Book Review: ‘Crow Talk’ provides a path for healing in a meditative and hopeful novel on grief

The book “Crow Talk” by Eileen Garvin changes the traditional association of crows with death; what was once eerie, sinister, and macabre becomes lovely, amazing, and transforming.

Crows have long been associated with death, but Eileen Garvin’s novel “Crow Talk” offers a fresh perspective; creepy, dark and morbid becomes beautiful, wondrous and transformative.

“Crow Talk” is a contemplative and optimistic book about loss that is mostly set in the remote Beauty Bay on picturesque Lake June. It offers a way to heal. It’s where Frankie spent her long summer days as a youngster, learning to listen to birds for the first time and embarking on a lifelong study of them with her trusty field guide of Pacific Northwest birds, a gift from her father, by her side.

She is currently working on her master’s thesis and has moved well past the field guide. Frankie is lost, though, because of issues at school, her mother’s cold demeanour, and the fact that she can no longer confide in her father and seek his counsel. The family’s small cottage in the Washington woods becomes her haven.

Anne is coping with her own loss in the meanwhile. Unable to compose music, she takes a leave of absence from her teaching position and visits their cabin on Beauty Bay in the late season with her spouse and their son. There, they are anxiously awaiting the findings of a research on their five-year-old son Aiden, who has abruptly stopped speaking.

When Frankie tends to an injured crow, doors start to open, piqueing Aiden and Anne’s curiosity. Their crow chatter may serve as the necessary impetus for their development and recovery.

The book starts out like a meditation, lulling you into a state of serenity and then slowly bringing you back when the narrator’s thoughts stray. Though not much is occurring, it’s an odd way to start, it’s calming. Memories that finally reveal the causes and scope of Anne and Frankie’s problems are intercut with the sounds and appearance of the lake, as well as the motions of routine morning chores. It’s not until about halfway through that Frankie and Anne finally disclose exactly what they’re grieving, having been unwilling to confront their sadness and unable to communicate their pain.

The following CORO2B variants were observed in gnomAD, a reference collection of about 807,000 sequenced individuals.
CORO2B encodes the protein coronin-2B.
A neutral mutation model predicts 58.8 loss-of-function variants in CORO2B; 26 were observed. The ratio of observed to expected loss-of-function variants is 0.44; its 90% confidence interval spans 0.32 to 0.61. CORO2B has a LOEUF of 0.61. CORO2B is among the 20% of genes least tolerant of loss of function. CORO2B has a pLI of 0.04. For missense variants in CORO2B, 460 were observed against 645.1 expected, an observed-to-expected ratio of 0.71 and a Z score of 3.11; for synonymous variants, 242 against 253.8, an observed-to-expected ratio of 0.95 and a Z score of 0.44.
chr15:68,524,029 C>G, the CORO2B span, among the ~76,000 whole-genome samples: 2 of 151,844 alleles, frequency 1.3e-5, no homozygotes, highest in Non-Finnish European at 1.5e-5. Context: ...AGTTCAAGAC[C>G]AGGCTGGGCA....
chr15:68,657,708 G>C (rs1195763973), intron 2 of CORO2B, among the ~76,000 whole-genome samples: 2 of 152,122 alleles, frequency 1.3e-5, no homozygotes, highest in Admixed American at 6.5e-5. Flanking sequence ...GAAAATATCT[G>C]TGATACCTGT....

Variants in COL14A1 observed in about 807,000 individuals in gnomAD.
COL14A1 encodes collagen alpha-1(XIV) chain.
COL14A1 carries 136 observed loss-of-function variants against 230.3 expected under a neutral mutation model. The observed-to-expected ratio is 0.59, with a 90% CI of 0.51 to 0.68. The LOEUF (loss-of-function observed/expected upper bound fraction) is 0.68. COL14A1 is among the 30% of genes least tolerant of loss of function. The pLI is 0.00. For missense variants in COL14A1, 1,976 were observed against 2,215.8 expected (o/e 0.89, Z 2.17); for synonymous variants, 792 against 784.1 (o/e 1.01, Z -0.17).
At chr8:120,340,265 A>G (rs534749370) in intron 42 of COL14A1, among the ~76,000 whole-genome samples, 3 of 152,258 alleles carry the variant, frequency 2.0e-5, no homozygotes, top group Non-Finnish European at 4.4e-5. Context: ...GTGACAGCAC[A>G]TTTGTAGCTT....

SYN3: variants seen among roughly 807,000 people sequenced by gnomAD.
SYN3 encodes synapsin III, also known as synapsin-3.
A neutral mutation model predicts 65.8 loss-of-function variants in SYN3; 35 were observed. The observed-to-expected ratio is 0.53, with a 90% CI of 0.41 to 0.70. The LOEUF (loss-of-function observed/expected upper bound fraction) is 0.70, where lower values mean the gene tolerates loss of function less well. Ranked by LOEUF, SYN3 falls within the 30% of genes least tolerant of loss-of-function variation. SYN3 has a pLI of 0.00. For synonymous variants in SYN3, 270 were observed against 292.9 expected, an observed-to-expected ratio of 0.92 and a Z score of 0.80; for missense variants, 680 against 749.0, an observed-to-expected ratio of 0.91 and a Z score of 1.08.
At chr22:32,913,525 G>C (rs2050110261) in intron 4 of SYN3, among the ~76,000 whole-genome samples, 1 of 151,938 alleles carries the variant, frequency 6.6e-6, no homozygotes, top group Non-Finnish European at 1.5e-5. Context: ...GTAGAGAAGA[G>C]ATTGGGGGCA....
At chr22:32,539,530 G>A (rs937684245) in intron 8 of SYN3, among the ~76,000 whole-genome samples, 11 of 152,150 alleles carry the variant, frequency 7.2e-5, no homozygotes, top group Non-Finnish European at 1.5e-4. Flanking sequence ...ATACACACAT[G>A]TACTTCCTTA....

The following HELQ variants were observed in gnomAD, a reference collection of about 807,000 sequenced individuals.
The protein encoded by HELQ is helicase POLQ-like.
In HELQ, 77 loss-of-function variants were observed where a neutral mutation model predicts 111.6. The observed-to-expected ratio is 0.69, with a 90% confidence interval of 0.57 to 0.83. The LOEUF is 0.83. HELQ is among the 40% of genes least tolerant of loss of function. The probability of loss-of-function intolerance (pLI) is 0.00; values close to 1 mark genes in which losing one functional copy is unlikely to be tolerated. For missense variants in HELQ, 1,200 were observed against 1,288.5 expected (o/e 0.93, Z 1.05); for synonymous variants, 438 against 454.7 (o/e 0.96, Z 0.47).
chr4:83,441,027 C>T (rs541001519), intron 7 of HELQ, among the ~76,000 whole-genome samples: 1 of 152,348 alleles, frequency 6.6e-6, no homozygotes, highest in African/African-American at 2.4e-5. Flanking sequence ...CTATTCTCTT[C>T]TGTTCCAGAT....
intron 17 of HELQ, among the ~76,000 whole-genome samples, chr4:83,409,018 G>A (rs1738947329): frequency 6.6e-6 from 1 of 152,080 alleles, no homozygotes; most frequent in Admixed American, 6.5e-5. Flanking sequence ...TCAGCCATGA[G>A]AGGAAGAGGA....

When comparing the three, Aiden’s chapters are the most exquisite and captivating. Drawing from his cherished fairy tale book, the brief, frequently magical explanations of what’s happening around him provide a glimpse into his worldview and draw parallels between Aiden and the birds.

Crows are extremely intelligent and have a lot to say, much like Aiden. If only we could understand them.

Like the imagined June Lake at the base of the actual Mount Adams in Washington, the author freely blends fact and fantasy. She also writes from personal experience, drawing on her own early exploits in the forest and at the lake cottage. Margaret, Garvin’s sister, was given an autism diagnosis, and the remote cabin offered her and her family some solace. The affection and concern for Aiden’s character, who is portrayed as more than just his diagnosis and is always totally human and capable, come from this personal experience.

“Crow Talk” is a cottagecore novel that is both comforting to read and emotionally taxing. It explores grief, companionship, and surviving loss. Garvin’s tale has a distinctively consoling conclusion that leaves readers feeling uplifted.

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